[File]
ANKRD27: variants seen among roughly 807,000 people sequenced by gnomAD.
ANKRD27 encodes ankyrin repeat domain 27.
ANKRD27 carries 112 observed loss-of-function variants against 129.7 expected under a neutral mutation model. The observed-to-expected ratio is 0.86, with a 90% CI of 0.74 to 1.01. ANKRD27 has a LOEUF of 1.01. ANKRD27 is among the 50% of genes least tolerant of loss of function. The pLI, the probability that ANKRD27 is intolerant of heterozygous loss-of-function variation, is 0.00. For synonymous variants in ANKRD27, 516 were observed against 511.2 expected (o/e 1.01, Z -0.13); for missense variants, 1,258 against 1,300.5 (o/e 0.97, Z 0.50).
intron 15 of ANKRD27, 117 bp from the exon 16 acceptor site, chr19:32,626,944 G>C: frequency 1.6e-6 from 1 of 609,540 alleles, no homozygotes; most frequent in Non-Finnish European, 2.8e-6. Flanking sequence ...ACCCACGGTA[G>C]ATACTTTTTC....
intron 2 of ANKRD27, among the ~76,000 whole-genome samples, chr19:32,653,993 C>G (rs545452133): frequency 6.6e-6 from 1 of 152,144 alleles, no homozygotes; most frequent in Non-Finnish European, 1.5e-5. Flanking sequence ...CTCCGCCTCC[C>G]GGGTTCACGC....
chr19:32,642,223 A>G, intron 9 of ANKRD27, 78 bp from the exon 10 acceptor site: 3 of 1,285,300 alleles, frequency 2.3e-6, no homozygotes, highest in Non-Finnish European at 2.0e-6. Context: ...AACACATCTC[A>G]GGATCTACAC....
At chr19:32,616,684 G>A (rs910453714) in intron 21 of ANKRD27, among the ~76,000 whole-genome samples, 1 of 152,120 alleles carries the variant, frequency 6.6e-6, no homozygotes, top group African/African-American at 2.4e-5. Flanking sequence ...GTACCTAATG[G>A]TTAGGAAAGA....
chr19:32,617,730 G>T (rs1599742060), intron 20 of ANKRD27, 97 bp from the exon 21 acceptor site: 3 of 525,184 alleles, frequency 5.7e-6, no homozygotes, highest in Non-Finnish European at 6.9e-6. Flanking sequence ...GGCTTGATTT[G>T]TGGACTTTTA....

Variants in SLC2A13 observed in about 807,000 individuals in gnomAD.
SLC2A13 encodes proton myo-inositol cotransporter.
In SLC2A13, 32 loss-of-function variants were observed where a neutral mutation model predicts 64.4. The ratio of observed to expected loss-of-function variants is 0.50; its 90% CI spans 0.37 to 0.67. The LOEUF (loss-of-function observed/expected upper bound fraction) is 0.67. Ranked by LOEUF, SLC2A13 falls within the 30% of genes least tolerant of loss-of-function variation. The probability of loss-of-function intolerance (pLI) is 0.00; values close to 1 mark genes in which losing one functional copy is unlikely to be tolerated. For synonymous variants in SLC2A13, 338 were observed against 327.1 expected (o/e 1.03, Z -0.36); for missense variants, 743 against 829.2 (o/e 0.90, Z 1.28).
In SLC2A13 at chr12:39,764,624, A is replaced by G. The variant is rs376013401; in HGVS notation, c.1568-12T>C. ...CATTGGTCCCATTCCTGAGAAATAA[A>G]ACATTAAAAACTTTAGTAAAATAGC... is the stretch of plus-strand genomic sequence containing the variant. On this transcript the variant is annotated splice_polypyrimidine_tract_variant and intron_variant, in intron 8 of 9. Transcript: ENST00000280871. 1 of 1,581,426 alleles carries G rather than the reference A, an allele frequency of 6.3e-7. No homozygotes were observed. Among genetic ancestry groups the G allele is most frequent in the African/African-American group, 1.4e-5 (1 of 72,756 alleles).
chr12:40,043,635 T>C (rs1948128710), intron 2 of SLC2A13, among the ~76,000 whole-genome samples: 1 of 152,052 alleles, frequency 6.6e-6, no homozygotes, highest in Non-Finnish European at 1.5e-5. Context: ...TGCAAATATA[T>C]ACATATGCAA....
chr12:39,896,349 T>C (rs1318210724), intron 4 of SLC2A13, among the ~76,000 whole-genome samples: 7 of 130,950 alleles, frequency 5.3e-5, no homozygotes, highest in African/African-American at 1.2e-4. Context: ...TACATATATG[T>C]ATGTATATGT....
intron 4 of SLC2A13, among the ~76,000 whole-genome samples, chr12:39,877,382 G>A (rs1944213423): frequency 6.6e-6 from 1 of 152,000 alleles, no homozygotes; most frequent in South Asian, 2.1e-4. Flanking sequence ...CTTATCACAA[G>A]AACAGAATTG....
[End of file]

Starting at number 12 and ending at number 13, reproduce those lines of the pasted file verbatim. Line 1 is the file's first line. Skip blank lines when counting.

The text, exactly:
In SLC2A13 at chr12:39,764,624, A is replaced by G. The variant is rs376013401; in HGVS notation, c.1568-12T>C. ...CATTGGTCCCATTCCTGAGAAATAA[A>G]ACATTAAAAACTTTAGTAAAATAGC... is the stretch of plus-strand genomic sequence containing the variant. On this transcript the variant is annotated splice_polypyrimidine_tract_variant and intron_variant, in intron 8 of 9. Transcript: ENST00000280871. 1 of 1,581,426 alleles carries G rather than the reference A, an allele frequency of 6.3e-7. No homozygotes were observed. Among genetic ancestry groups the G allele is most frequent in the African/African-American group, 1.4e-5 (1 of 72,756 alleles).
chr12:40,043,635 T>C (rs1948128710), intron 2 of SLC2A13, among the ~76,000 whole-genome samples: 1 of 152,052 alleles, frequency 6.6e-6, no homozygotes, highest in Non-Finnish European at 1.5e-5. Context: ...TGCAAATATA[T>C]ACATATGCAA....